Feeds:
Posts
Comments

Posts Tagged ‘Foreign correspondent’

HUAYTAPALLANA, Peru, 21 June 2017 – Peruvians gather on a ridge overlooking the glacier and lake below to celebrate the Andean New Year. In recent years the glacier has lost much of its mass, which scientists believe is the result of global climate change. The depletion of the ice means the depletion of an important source of water for the communities located below this peak, while stands at 14,000 feet above sea level.

I’m on assignment for American University’s (AU) Center for Latin American and Latino Studies (CLALS), producing a short film about religion and climate change in this South American country. Citizens of this region maintain a deep spiritual relationship with the mountain and its glacier, which are the providers of life-sustaining water.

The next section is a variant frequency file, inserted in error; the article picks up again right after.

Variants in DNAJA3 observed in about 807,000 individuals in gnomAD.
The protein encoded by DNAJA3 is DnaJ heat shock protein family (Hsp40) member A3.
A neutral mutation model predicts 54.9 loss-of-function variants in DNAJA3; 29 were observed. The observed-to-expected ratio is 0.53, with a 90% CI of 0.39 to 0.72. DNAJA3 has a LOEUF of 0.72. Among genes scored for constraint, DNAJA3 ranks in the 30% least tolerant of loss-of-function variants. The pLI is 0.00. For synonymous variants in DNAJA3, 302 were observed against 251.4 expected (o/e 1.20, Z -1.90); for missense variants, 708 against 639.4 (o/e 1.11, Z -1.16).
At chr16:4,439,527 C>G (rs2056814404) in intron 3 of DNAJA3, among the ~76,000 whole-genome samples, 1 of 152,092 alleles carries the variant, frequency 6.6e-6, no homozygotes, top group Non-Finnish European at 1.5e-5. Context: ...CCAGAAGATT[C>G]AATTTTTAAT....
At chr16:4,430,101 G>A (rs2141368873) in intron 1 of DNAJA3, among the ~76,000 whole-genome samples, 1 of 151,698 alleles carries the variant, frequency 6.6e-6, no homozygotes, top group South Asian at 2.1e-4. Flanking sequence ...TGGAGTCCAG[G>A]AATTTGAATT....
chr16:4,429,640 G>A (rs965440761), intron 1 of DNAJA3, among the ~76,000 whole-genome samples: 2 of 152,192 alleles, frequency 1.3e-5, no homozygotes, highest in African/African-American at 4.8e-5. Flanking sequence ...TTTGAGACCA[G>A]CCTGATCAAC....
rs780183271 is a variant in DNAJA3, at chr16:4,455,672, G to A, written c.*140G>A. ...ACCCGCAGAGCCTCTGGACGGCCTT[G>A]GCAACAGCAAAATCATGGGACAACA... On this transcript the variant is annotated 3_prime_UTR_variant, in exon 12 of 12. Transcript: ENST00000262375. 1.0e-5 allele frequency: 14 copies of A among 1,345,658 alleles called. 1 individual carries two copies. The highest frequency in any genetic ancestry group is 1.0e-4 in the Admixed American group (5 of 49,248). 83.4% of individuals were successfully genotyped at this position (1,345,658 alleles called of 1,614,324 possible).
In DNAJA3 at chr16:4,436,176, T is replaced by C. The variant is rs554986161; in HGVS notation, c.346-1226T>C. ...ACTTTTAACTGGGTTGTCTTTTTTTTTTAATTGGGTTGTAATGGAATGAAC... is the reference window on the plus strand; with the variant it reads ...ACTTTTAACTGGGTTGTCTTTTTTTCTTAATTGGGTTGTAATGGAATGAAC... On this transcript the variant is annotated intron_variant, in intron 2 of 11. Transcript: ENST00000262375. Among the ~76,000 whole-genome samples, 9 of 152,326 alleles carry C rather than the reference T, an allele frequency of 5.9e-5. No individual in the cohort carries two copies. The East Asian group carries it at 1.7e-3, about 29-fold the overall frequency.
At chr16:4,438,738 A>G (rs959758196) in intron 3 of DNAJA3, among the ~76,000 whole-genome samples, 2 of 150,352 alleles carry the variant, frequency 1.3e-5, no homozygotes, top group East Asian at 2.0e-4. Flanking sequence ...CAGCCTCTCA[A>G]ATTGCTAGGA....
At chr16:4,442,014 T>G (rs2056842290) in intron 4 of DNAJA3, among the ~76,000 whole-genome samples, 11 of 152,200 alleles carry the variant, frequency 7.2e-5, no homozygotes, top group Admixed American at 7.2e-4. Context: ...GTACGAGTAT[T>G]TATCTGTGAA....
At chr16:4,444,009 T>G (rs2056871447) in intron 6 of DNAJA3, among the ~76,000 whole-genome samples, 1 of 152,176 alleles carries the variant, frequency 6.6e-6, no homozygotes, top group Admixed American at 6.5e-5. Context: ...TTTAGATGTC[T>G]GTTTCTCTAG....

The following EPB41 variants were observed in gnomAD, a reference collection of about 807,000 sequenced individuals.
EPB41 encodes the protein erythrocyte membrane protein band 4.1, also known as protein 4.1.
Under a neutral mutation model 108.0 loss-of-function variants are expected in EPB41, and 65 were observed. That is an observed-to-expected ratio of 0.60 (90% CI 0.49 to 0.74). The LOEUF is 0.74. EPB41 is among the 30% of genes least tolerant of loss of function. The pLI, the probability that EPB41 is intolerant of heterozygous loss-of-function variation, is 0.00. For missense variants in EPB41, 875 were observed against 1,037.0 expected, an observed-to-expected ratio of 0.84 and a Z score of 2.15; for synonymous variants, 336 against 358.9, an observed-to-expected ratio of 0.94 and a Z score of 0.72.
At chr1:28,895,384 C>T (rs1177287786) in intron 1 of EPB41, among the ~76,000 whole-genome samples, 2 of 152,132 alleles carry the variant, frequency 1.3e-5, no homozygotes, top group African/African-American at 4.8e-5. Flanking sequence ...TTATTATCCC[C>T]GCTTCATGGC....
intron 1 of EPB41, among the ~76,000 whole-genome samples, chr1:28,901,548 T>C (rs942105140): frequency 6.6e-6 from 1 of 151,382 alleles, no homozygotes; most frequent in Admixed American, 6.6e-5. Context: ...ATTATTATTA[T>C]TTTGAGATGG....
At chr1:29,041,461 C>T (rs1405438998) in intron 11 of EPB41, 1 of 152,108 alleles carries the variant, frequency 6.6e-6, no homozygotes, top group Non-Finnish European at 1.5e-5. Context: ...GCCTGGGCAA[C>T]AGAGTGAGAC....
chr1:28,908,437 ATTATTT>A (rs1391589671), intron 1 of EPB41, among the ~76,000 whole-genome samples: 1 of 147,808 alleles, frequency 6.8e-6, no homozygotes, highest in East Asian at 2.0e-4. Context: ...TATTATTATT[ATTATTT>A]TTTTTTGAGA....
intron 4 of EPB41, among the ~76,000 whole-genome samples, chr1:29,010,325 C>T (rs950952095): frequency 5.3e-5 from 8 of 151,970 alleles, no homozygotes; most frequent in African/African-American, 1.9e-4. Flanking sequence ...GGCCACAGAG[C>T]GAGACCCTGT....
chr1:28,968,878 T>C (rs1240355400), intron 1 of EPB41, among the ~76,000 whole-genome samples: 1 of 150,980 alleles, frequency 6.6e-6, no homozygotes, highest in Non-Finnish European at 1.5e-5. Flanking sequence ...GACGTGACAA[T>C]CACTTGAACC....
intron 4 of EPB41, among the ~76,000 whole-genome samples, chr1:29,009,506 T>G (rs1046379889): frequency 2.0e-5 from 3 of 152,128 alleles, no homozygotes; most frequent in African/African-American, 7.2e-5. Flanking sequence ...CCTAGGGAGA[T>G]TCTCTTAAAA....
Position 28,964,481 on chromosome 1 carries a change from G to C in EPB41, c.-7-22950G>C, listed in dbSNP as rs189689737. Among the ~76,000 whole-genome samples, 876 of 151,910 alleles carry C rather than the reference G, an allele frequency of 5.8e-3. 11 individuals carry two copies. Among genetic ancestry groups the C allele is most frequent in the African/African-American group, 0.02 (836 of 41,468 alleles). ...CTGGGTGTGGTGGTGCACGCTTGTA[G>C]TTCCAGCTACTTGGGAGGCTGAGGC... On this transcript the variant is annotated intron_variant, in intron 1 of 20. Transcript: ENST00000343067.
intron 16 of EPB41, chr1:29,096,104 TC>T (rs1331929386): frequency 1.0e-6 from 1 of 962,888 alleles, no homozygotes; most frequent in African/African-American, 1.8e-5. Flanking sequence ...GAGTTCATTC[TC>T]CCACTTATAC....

About 71 percent of the world’s tropical glaciers are located in Peru.

As usual when I take on these assignments, I’m employing the “Backpack Journalism” model that I introduced to AU’s School of Communication (SOC) shortly after my arrival there and launched the Backpack Journalism Project. The methodology boils down to one story, one camera and one properly trained visual journalist using equipment that he/she can stuff into one backpack.

At 14,000 feet above sea level, it’s a challenge muscling around any gear at all, even the new, relatively light Sony PXW-Z150 cameras recently acquired by the SOC.

(Photo by Bill Gentile.)

Read Full Post »

WASHINGTON, DC, 7 May 2017 — During a March trip to Nogales, Mexico, I interviewed Ioan Grillo (R), freelance foreign correspondent based in Mexico City who works with The New York Times and Time magazine.

American University Graduate Teaching Assistant Matt Cipollone and I accompanied Grillo during much of his reporting trip for this story, published in today’s New York Times. We also worked with photojournalist Patrick Tombola, whose images are featured in Grillo’s story.